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Music Scheduling Before Computers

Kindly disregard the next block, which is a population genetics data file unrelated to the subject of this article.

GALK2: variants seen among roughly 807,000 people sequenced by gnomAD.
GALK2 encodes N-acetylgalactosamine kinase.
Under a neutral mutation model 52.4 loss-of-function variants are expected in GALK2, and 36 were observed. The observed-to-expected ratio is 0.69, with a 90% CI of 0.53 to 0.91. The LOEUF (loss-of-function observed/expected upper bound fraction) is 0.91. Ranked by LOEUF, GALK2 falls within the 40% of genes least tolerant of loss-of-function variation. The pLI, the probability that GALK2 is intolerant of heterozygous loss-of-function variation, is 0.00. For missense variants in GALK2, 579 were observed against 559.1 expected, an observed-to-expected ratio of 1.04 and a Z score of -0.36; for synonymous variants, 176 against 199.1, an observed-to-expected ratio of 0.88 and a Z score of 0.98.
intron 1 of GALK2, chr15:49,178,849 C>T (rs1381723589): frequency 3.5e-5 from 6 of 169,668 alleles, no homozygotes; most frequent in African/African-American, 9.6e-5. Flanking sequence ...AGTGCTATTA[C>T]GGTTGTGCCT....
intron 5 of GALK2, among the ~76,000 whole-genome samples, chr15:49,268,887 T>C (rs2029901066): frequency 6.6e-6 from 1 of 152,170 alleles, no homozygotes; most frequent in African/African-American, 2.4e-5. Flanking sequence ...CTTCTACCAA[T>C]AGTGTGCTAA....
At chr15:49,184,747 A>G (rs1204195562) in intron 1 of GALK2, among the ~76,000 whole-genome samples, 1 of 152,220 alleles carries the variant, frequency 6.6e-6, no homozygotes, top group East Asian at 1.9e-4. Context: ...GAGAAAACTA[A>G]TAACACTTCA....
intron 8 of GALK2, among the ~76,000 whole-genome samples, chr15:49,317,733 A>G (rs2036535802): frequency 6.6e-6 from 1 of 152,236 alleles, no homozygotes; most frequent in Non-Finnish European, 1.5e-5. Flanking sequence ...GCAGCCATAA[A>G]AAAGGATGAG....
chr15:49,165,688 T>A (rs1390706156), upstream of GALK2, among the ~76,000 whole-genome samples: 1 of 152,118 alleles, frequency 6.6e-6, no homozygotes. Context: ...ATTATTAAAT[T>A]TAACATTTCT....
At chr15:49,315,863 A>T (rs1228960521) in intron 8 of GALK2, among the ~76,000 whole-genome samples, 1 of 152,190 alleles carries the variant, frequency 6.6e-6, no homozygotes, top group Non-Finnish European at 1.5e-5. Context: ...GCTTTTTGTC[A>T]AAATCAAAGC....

The thing guys coming into music radio today don’t have that the young radio guys of my generation had is mentors. There is still no school teaching how to do it. It is a craft that is learned by doing.  Top 40, the very first radio ‘format’ was born in the 1950’s along side Rock’n Roll music and the first transistor radios. D J’s played whatever they wanted.  There were no Oldies, it was all new music.  The songs averaged around 2:30 and with newscasts and the commercial load, stations were spinning 15 songs an hour. If you played them all equally, every song would play again 2 and a half hours later. Pat Holiday has a the only video channel offering some classroom type mentoring.  Recently he spent an hour with Bill Hennes, he being one of the still living practitioners of music radio in its best decades, the 60s up to the turn of the century. You being the radio geek will probably want to hear the whole interview, but if you pick it up right here (click), Bill is talking about how he managed music scheduling at his hugely successful Country station, WMAQ in Chicago in the 70’s.